ROC curves were used to illustrate the diagnostic ability of classification trees in the machine learning methodology. The area under the ROC curve (AUC), true positive rate (also called sensitivity or recall), and false positive rate (specificity) are represented in a graphical plot [
Data with missing values were statistically regulated by the expectationmaximization algorithm, which is an iterative procedure that preserves the relationship with other variables. Only 9 factors had missing values, and most of them accounted for less than 5% of the sample size. Direct bilirubin, which had the largest proportion of missing values (298/1333, 22.36%), was at high risk of multicollinearity; thus, it was not a crucial element in the model [
To compare the performance of the aforementioned decision trees, the same setting for the training set and testing set was considered. In addition, the boundary for each tree’s height was limited between 4 and 5 instead of pruning each decision tree according to its own criteria. Finally, outcomes from each decision tree were summarized to investigate common and reliable results supporting the conclusions.
After data cleaning, a total of 1333 individuals undergoing selfpaid annual health examination were enrolled in this study. The baseline characteristics of the 193 patients diagnosed with metabolic syndrome and 1140 participants without metabolic syndrome are compared in
The visualization of the two groups was achieved by PCA with the advantage of dimensionality reduction (
Descriptive statistics and testing of risk factors in health examination data with potential metabolic syndrome as the dependent variable.
Risk factors  No metabolic syndrome (N=1140)  Metabolic syndrome (N=193)  






Stage 1  585 (51.32)  71 (36.8)  .001 

Stage 2  530 (46.49)  115 (59.6) 


Stage 3  24 (2.11)  6 (3.1) 


Stage 4  1 (0.09)  1 (0.5) 







female  564 (49.47)  44 (22.8)  <.001 

male  576 (50.53)  149 (77.2) 







underweight  49 (4.30)  0 (0.0)  <.001 

normal weight  667 (58.51)  22 (11.4) 


overweight I  293 (25.70)  65 (33.7) 


overweight II  131 (11.49)  106 (54.9) 

Age (years), median (IQR)  44 (3850)  45 (4051)  .12  

4.6 (4.44.8)  4.7 (4.54.8)  <.001  

Albumin (g/dL)  2.26 (1.6373.12)  2.43 (1.713.14)  .15 

AFP^{b} (ng/mL)  58 (4869)  62 (5475)  <.001 

ALKp^{c} (IU/L)  20 (1724)  24 (1931)  <.001 

GOT^{d} (IU/L)  19 (1327)  33 (2251)  <.001 

GPT^{e} (IU/L)  0.6 (0.50.8)  0.7 (0.50.9)  .08 

Total bilirubin (mg/dL)  0.2 (0.20.3)  0.2087 (0.20.3)  .66 

Direct bilirubin (mg/dL)  16 (1225)  29 (2045)  <.001 

γGT^{f} (U/L)  239 (209274)  311 (271340)  <.001 

CAP^{g} score (dB/m)  4 (3.44.8)  4.9 (4.35.8)  <.001 

E score (kPa)  12 (1015)  13 (1115)  .03 






BUN^{h} (mg/dL) 




Creatinine (mg/dL)  0.8 (0.60.9)  0.9 (0.71.0)  <.001 

MDRD^{i}  91.07 (81.3105.17)  86.23 (75.0598.82)  <.001 

UA^{j} (mg/dL)  5.2 (4.36.5)  6.3 (5.57.3)  <.001 





Cholesterol (mg/dL)  187 (165208)  194 (165220)  .03 

LDL^{k} (mg/dL)  121 (101142)  136 (106158)  <.001 

HbA_{1c}^{l} (%)  5.4 (5.25.7)  5.7 (5.46.1)  <.001 

TSH^{m} (μIU/mL)  1.93 (1.302.52)  1.89 (1.382.51)  .83 
^{a}Progressive discrete variables.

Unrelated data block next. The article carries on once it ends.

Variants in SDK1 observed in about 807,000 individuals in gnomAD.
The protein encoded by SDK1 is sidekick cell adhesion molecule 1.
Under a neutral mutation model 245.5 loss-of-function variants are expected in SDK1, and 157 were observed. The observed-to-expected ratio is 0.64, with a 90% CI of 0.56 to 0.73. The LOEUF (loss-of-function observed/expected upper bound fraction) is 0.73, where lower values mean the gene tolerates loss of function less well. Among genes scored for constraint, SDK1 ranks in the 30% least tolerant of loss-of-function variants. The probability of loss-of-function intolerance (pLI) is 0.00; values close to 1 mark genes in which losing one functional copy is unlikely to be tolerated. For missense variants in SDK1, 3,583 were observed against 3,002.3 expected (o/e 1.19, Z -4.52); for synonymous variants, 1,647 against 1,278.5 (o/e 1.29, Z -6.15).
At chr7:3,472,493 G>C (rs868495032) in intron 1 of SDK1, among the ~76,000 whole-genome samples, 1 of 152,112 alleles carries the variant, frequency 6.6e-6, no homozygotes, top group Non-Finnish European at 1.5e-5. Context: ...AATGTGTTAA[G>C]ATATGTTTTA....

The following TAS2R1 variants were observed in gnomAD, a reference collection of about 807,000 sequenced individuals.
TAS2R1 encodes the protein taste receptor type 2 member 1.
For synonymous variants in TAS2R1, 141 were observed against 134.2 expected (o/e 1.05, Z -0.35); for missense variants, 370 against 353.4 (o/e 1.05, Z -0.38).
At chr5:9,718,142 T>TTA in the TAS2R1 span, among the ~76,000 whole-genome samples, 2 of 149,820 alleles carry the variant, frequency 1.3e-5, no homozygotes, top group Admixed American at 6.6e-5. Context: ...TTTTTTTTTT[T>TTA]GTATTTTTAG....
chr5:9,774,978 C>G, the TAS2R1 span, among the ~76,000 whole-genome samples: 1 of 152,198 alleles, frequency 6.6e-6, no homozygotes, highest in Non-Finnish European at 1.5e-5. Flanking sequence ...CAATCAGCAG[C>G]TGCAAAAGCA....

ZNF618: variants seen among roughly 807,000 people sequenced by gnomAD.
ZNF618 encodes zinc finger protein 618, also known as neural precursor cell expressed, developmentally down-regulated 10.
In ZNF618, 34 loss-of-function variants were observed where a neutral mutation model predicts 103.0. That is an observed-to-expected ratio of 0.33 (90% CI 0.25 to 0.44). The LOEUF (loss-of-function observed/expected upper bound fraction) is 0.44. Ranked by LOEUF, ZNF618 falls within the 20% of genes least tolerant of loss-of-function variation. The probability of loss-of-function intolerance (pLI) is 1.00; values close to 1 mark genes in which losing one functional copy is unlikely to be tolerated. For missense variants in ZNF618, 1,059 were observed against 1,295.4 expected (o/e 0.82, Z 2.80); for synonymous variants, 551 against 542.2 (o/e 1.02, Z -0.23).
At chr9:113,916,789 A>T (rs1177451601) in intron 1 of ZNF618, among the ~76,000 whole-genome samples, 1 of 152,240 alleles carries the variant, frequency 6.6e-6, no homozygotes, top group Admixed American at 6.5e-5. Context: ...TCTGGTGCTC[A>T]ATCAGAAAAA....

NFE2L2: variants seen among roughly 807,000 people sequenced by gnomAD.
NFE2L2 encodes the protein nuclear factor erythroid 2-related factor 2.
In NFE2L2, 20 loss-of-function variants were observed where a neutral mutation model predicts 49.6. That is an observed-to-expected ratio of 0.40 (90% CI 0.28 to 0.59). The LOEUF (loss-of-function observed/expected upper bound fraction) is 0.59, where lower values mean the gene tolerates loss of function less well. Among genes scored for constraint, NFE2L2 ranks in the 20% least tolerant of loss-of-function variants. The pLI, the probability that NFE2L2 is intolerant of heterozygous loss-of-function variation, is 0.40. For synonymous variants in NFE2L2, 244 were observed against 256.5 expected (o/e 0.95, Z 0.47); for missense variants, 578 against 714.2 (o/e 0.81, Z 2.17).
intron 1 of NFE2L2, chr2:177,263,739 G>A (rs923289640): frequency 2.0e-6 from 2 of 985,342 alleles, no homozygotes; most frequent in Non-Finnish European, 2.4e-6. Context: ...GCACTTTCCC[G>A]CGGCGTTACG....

^{b}AFP: alphafetoprotein.
^{c}ALKp: alkaline phosphatase.
^{d}GOT: glutamicoxalocetic transaminase.
^{e}GPT: glutamicpyruvic transaminase.
^{f}γGT: gammaglutamyl transpeptidase.
^{g}CAP: controlled attenuation parameter.
^{h}BUN: blood urea nitrogen.
^{i}MDRD: Modification of Diet in Renal Disease.
^{j}UA: uric acid.
^{k}LDL: lowdensity lipoprotein cholesterol.
^{l}HbA_{1c}: glycated hemoglobin.
^{m}TSH: thyroidstimulating hormone.
Principal components analysis (PCA) of metabolic and nonmetabolic groups by twodimensional and threedimensional visualization. (a) PCA with 95% CI shown as ellipses for all risk factors in
Next, we applied multivariate logistic regression to assess factors influencing metabolic syndrome. As shown in
Multivariate logistic regression analysis of risk factors related to metabolic syndrome.
Factor  Odds ratio^{a} (95% CI)  VIF^{b}  ΔVIF^{c}  
Sex, Male/Female  0.742 (0.3351.641)  3.590  1.630  .99 
Age, years  1.025 (0.9991.051)  1.622  1.506  .15 
Obesity  2.915 (2.1753.907)  1.429  1.406  <.001 
Albumin, g/dL  1.866 (0.8214.239)  1.218  1.176  .12 
AFP^{d}, ng/mL  1.045 (0.9151.193)  1.162  1.153  .48 
ALKp^{e}, IU/L  0.995 (0.9831.007)  1.158  1.140  .52 
GOT^{f}, IU/L  0.959 (0.9230.997) 

   
GPT^{g}, IU/L  1.023 (1.0031.045) 


.51 
Total bilirubin, mg/dL  2.599 (0.56212.015) 


.39 
Direct bilirubin, mg/dL  0.011 (02.507) 

   
γGT^{h}, U/L  1.002 (0.9941.009)  1.414  1.379  .77 
CAP^{i} score, dB/m  1.011 (1.0071.016)  1.455  1.398  <.001 
E score, kPa  1.046 (0.9261.182)  1.284  1.256  .61 
CKD^{j}  1.135 (0.6152.097)  3.387  2.550  .27 
BUN^{k}, mg/dL  0.952 (0.8931.016)  1.397  1.338  .13 
Creatinine, mg/dL  4.288 (0.19694.014) 

   
MDRD^{l}  1.012 (0.9941.031)  4.860  2.863  .39 
UA^{m}, mg/dL  1.127 (0.9671.314)  1.642  1.596  .08 
Cholesterol, mg/dL  1.003 (0.9861.021) 

   
LDL^{n} mg/dL  0.994 (0.9761.012) 


.82 
HbA_{1c}^{o}, %  2.170 (1.6312.888)  1.236  1.230  <.001 
TSH^{p}, μIU/mL  0.876 (0.7271.054)  1.086  1.078  .13 
^{a}The odds ratio represents the exp(β), which is the exponential of the estimator in logistic regression.
^{b}VIF: variance inflation factor (to check multicollinearity); factors with high VIF values are italicized.
^{c}ΔVIF: variance inflation factor after removal of predictor variables with high VIF values; VIF values with a sharp decline are italicized.
^{d}AFP: alphafetoprotein.
^{e}ALKp: alkaline phosphatase.
^{f}GOT: glutamicoxalocetic transaminase.
^{g}GPT: glutamicpyruvic transaminase.
^{h}γGT: gammaglutamyl transpeptidase.
^{i}CAP: controlled attenuation parameter.
^{j}CKD: chronic kidney disease.
^{k}BUN: blood urea nitrogen.
^{l}MDRD: Modification of Diet in Renal Disease.